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Putri Afzan Maria Zulkifli - MA Development in Global Societies, 2006
Putri studied MA Development in Global Societies at Leeds Beckett and graduated in 2006. After returning to Malaysia, she now owns and runs a chain of over 40 early childhood education centres called KinderKaizen.
Putri studied MA Development in Global Societies at Leeds Beckett and graduated in 2006. After returning to Malaysia, she now owns and runs a chain of over 40 early childhood education centres called KinderKaizen. Inspired by the Early Years Foundation Stage that Putri experienced in the UK, KinderKaizen use a mixed method approach to teaching based on the Montessori, Reggio Emilia and Waldorf approach.
Can you tell us why you were interested in the course?
I lived in the UK for almost seven years in total, and three of my children were born there so I was exposed to the education system from babies to Year 1. Back in Malaysia it’s completely different, very young children are forced to read and write just so they meet the requirement of entering Year 1 which requires exams meaning that sometimes the education system tends to ‘spoon-feed’ the students.
Why did you decide to study at Leeds Beckett?
I was convinced to enrol on the MA Development in Global Societies due to the modules that were on offer. My experiences studying in the UK at Leeds Beckett helped me to have a wider perspective on many things especially when it involves global matters. Living in the UK has helped me to learn to live in a different system that is more developed and it provided a space for me to reflect on my experience in my own country. I had a great team of classmates and they were all so warm, I’m still in touch with a number of them.
"I was convinced to enrol on the MA Development in Global Societies due to the modules that were on offer. My experiences studying in the UK at Leeds Beckett helped me to have a wider perspective on many things especially when it involves global matters."
How did your time at Leeds Beckett help you get to where you are today?
At Leeds Beckett I learnt about critical thinking and reflective writing which I think is a really valuable skill, and now that I own my own child enrichment centres I instil this in the children. I’ve also started a Play Therapy Course with Leeds Beckett and I’m seeing an increasing number of young children who are stressed which is really worrying. I wanted to change this towards a more child-friendly and child-centred approach so since 2014 I started giving talks to share my experiences and different approach with other parents.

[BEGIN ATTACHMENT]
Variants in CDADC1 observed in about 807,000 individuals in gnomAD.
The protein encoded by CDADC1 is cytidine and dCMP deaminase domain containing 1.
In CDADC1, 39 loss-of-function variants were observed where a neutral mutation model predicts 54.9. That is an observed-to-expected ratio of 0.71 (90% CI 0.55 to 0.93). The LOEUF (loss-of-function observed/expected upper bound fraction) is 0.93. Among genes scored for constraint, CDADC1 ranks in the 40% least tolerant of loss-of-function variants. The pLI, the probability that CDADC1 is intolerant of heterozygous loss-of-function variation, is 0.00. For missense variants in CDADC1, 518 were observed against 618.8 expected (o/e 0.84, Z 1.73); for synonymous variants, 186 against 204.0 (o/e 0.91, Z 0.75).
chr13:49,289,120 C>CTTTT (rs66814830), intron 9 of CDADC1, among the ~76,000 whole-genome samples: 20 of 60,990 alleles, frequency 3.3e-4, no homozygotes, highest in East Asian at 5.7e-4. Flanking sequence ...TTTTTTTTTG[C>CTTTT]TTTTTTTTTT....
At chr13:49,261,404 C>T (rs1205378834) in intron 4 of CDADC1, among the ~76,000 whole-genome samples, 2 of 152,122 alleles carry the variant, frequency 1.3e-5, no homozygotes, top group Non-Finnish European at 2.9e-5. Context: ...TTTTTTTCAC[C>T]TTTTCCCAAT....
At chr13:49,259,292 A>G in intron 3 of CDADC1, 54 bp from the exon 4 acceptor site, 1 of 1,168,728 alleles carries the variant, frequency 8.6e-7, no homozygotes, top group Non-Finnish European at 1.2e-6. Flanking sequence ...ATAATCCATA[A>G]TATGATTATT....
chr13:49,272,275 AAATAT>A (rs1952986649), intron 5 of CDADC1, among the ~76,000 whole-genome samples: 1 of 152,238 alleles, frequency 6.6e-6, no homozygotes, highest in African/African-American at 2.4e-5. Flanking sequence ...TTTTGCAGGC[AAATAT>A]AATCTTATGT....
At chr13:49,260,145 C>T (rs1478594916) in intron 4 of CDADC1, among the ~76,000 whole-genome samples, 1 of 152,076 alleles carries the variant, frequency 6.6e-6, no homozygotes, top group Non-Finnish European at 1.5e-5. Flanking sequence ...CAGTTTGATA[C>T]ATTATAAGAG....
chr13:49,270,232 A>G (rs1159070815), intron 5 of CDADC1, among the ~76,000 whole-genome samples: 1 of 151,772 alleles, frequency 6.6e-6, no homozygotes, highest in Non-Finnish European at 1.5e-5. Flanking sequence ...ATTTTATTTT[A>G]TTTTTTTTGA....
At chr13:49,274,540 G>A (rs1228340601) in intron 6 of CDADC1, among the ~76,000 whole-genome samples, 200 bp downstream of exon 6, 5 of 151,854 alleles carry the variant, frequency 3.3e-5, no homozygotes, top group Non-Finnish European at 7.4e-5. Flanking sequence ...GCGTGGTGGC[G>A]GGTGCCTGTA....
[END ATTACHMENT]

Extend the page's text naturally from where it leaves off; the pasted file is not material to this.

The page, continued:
KinderKaizen started operating in July 2014 and you trained your own team, from Principals to Playleaders. Can you tell us more about your business?
When we first began introducing play-based learning very few people supported it, but we kept on promoting it and carried on our journey. In 2015 we decided to expand KinderKaizen, by the end of 2016 we had 29 branches and we now have 41 branches all over Malaysia. We’re a daily programme with two sessions per day, morning and afternoon. Each session is limited to just 25 children and our programmes include: Creative Engineering, EinScience, Historic History, PlayPhonics and PlayNumeracy. I’ve seen a real culture shift in Malaysia in the last couple of months, many other centres have now started to promote play for children much more heavily and even the Ministry of Education came to visit our centre. Our recent paper and poster presentations in a World Conference of PLAY, IPA2017 in Calgary, Canada have exposed KinderKaizen to the world with around 700 delegates from more than 40 countries. I think there is a crucial need to keep educating young parents, teaching them not to do too much too soon as the number of children suffering from stress is increasing. I used the understanding I gained in my degree to tackle childhood issues related to emotion and wellbeing in children’s lives.